Global downloads of mobile shopping apps were up 16% year-over-year in the first half of 2022 while the number of sessions was up 29%, according to data from the It’s Not Luck, It’s Skill: Make Every Marketing Dollar Count This Holiday Season report by data.ai. More consumers than ever are using mobile apps across their entire journey, from finding inspiration to checking out, and understanding how they are viewing the most important touch points will be vital to ecommerce success during the holiday season.
Those touch points aren’t limited to the retailer’s own first-party mobile app: aligning with increasingly popular coupon apps like Honey or Fetch Rewards can bring bargain-hunting shoppers to your site. Retailers also should consider working with buy now, pay later (BNPL) solutions, but only if their customer base already has shown interest in using this payment method.
“I think what we’re seeing happen is that people are on mobile, and they’re showing indications of how that behavior is changing with the burden of inflation hitting their wallets,” said Lexi Sydow, Head of Insights at data.ai in an interview with Retail TouchPoints. “People are more price sensitive, so we expect a bit more investigation for prices. People are very discount sensitive — they always are this time of the year, obviously Black Friday and Cyber Monday are huge for discounts and deals, but I think even more than in previous years people are paying very close attention to where the deals are and making their dollars go a bit further.”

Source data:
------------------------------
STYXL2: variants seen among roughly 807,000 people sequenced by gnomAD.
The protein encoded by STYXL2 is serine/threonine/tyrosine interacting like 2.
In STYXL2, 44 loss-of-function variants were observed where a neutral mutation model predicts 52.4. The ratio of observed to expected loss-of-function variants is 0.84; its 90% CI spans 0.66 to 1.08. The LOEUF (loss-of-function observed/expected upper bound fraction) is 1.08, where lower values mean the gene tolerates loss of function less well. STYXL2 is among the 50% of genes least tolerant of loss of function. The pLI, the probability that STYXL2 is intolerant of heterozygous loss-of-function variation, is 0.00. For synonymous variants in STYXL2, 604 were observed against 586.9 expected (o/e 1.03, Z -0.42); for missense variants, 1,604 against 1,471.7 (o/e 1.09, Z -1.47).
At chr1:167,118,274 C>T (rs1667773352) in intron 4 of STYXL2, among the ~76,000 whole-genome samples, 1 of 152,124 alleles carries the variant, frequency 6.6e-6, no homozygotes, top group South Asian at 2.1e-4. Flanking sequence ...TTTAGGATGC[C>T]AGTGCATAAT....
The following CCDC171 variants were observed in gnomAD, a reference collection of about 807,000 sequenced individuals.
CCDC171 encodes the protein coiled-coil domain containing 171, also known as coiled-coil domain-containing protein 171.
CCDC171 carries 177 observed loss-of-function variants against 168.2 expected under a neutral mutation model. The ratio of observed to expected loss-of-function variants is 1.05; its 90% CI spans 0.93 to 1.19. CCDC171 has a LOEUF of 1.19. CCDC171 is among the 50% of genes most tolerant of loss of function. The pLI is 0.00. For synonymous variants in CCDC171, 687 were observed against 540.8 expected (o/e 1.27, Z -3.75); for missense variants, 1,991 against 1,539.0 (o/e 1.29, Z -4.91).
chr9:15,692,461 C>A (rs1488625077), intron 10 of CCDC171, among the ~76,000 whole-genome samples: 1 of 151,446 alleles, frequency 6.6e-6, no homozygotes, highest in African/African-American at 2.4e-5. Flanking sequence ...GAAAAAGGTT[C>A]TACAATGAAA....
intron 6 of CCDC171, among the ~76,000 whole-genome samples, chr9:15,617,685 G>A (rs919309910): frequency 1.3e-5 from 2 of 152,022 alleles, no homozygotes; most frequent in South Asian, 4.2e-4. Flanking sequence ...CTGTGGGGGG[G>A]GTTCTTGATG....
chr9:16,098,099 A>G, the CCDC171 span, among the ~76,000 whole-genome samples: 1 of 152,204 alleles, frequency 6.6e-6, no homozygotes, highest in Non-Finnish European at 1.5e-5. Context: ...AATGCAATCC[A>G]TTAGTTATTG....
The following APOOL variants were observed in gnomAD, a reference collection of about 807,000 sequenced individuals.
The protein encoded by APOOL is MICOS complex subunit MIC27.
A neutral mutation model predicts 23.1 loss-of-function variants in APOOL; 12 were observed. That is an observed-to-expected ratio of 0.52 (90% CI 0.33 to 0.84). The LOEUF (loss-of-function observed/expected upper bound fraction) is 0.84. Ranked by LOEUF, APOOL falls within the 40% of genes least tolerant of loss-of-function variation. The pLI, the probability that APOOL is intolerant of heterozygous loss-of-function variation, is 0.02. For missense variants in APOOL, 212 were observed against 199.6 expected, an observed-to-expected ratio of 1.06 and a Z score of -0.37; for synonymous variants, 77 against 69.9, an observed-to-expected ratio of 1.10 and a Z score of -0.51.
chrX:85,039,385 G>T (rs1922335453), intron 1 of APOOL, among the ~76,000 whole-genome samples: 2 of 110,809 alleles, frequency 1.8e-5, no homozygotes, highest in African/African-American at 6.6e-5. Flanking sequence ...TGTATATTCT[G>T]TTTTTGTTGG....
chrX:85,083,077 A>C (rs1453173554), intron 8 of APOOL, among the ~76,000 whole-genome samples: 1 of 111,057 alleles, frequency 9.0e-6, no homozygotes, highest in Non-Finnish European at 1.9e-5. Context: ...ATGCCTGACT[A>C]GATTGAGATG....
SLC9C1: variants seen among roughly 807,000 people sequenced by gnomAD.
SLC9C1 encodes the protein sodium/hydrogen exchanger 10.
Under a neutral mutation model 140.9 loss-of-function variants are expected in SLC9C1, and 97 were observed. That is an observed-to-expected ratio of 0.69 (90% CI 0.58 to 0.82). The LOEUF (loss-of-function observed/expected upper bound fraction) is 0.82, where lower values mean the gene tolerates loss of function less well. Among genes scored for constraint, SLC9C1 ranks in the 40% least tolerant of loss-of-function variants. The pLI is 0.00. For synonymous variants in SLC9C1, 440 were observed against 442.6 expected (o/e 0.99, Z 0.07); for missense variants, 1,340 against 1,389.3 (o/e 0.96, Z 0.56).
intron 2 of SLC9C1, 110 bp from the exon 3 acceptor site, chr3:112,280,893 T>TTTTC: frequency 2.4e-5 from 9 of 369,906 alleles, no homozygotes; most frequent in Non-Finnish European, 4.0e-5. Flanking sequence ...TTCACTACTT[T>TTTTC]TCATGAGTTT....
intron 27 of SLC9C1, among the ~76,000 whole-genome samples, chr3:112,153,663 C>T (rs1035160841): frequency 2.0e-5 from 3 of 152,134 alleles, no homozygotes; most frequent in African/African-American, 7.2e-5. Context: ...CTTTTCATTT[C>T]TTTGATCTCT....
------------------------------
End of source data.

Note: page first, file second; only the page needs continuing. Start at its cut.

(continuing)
Additionally, people have become very familiar with both the advantages and limitations of mobile browsing since the start of the pandemic, and now many are handling everything from just one device. Retailers need to keep this familiarity in mind when designing their mobile experiences. For example, if an app is missing key features available on the desktop experience, that can disrupt the whole journey and cost conversions.
Mobile Retailing Requires a ‘Mindset Shift’
Retailers looking to maximize the power of their own apps should look to SHEIN for inspiration. The fast fashion company saw the highest year-over-year growth in downloads of any retailer’s app globally, and also drove the most sessions. It was the second-most downloaded shopping app in the U.S., beaten only by Amazon, and “shein” was the most searched-for ecommerce keyword in both the Android and Apple app stores.
Sydow credited SHEIN’s success to its mobile-first approach, “not just in the sense that they launched an app, but that it is essentially their first point of contact for consumers.” Many brick-and-mortar retailers have mobile apps, but they are essentially extensions of their physical or general ecommerce presence. Retailers looking to succeed in the competitive mobile market need to undergo a “mindset shift” so they can create a strategy focused on competing with SHEIN and other mobile-first brands. That’s accomplished by understanding and adapting to how the mobile customer journey differs from other channels.